- Transfer seedlings to a larger container once they are 2 to 4 inches (5-10 cm) tall; be sure that seedlings have sufficient room for root growth. This process is called “potting up”; continue to pot up seedlings as they outgrow containers—until they are transplanted into the garden or a very large container.
Transplanting Pepper Seedlings Outdoors
- Transplant peppers after they are at least 4 to 6 inches (10-15 cm) tall into medium-rich garden soil 24 inches (60 cm) apart in rows at least 24 inches apart.
- Harden off seedlings for two weeks before transplanting them into the garden or containers outdoors. Set young plants for a few hours each day to harden them off; increase the time outdoors each day.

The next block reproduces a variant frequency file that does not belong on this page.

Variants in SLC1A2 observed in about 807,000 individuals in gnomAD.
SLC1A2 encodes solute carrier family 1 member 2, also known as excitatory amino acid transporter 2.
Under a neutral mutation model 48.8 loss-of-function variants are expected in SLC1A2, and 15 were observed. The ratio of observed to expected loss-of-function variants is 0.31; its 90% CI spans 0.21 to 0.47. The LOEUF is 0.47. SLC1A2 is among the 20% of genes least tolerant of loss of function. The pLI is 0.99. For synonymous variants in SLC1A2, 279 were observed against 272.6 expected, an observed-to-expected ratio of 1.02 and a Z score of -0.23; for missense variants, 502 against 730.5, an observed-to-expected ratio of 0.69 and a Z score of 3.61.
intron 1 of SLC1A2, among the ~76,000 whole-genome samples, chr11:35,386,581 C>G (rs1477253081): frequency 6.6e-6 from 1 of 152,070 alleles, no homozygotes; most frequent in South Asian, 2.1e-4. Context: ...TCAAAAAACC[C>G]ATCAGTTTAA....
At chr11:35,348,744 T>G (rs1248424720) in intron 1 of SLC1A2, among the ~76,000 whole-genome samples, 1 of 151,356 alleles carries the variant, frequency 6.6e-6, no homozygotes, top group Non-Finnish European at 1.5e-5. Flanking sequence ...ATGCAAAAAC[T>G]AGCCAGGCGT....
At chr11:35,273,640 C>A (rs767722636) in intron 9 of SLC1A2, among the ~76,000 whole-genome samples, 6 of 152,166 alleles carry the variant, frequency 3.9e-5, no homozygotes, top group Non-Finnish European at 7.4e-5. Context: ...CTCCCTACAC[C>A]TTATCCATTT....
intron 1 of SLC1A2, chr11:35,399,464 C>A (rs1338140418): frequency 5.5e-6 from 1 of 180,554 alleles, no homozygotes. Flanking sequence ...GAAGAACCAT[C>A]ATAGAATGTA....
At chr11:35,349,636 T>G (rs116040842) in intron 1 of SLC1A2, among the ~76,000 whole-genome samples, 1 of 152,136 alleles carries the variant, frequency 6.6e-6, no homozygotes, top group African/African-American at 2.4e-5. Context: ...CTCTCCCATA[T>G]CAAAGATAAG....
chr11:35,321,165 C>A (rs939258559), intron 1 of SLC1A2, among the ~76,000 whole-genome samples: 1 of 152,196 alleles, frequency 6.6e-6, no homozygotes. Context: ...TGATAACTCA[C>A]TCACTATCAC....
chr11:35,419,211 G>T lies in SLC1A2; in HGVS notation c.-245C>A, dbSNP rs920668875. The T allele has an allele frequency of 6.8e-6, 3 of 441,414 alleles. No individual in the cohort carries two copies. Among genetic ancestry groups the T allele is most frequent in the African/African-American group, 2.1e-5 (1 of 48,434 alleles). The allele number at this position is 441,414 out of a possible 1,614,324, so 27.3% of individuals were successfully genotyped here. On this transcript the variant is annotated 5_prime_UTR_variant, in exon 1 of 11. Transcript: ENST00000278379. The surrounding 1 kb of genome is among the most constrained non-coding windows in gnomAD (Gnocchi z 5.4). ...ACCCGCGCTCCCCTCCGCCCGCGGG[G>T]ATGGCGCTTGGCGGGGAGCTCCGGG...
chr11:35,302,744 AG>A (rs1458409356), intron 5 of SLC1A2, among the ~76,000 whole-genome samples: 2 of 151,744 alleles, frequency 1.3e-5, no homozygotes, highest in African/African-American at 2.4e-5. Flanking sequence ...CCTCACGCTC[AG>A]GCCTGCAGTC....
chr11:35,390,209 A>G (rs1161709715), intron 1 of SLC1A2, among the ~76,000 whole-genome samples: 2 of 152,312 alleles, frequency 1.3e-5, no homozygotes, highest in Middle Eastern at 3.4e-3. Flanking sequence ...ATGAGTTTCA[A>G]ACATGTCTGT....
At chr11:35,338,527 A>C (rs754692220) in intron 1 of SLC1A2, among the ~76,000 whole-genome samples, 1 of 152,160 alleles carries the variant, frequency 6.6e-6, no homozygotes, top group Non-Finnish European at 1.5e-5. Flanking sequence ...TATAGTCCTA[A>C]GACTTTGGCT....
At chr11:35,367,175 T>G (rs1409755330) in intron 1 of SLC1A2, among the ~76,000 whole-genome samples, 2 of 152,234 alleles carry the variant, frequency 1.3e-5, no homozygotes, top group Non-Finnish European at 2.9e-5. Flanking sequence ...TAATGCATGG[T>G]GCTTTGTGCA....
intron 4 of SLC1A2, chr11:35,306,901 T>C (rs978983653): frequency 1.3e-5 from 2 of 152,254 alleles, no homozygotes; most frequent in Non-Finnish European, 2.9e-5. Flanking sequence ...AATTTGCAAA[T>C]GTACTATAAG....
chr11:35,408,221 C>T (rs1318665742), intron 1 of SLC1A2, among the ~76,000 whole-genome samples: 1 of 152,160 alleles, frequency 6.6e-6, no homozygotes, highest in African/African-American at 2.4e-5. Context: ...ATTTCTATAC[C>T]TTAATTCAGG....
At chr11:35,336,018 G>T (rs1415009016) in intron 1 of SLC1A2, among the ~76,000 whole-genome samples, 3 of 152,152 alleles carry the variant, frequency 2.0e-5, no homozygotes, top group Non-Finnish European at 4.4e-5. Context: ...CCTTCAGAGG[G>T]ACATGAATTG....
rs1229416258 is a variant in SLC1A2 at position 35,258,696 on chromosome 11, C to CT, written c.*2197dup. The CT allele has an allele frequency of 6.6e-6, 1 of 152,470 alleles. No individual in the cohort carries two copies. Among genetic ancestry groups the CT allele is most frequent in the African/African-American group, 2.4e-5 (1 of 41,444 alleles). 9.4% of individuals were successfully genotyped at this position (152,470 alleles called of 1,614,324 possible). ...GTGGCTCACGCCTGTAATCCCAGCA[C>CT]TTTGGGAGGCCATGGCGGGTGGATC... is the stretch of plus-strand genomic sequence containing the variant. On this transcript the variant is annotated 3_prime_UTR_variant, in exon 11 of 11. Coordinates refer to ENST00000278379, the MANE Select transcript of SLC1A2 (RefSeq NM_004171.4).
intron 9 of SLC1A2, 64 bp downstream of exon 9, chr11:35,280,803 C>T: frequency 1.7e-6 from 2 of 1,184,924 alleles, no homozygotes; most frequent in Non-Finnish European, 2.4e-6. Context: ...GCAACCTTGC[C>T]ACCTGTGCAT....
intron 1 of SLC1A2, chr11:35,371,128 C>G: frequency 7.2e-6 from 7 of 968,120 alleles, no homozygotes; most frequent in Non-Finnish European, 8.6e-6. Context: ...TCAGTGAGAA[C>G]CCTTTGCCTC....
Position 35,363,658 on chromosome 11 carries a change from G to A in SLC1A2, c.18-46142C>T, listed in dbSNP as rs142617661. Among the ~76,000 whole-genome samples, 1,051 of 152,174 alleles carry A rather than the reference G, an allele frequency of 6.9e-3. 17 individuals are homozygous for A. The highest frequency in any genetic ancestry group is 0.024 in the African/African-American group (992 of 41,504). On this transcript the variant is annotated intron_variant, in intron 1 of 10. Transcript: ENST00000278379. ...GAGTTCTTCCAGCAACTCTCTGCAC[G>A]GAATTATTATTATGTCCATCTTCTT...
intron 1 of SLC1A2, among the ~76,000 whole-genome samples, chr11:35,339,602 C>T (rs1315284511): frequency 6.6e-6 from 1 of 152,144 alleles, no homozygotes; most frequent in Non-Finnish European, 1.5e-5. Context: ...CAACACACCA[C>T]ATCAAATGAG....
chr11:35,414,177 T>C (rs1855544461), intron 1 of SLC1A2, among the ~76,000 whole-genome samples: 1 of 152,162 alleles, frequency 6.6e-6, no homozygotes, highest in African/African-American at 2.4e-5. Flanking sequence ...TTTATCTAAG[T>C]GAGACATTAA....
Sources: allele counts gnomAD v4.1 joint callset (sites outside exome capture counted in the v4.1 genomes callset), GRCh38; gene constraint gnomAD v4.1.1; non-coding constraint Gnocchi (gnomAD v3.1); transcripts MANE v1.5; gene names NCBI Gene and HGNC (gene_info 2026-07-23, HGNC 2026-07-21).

- Add aged compost to planting beds in advance of transplanting.
- Peppers prefer a pH range of 5.5 to 6.8.
- Grow peppers in full sun for the best yield.
- If you plant seedlings started by another grower, select plants 6 to 8 weeks old; usually in a 4-inch (10 cm) pot. Check the bottom of the pot to be sure roots are not growing through and the plant is not root-bound.
Caring for Peppers Outdoors
- Avoid planting peppers where tomatoes, potatoes, or eggplants have grown recently.
- Fertilize with an organic fertilizer such as fish emulsion at half strength.
- Protect early plants from cold weather under lightweight spun poly row covers supported by wire hoops. Cold nights will cause blossoms to drop producing bushy plants without peppers.
- Keep wire hoops—tomato cages will work—in place through the growing season to protect brittle branches from injury or breaking.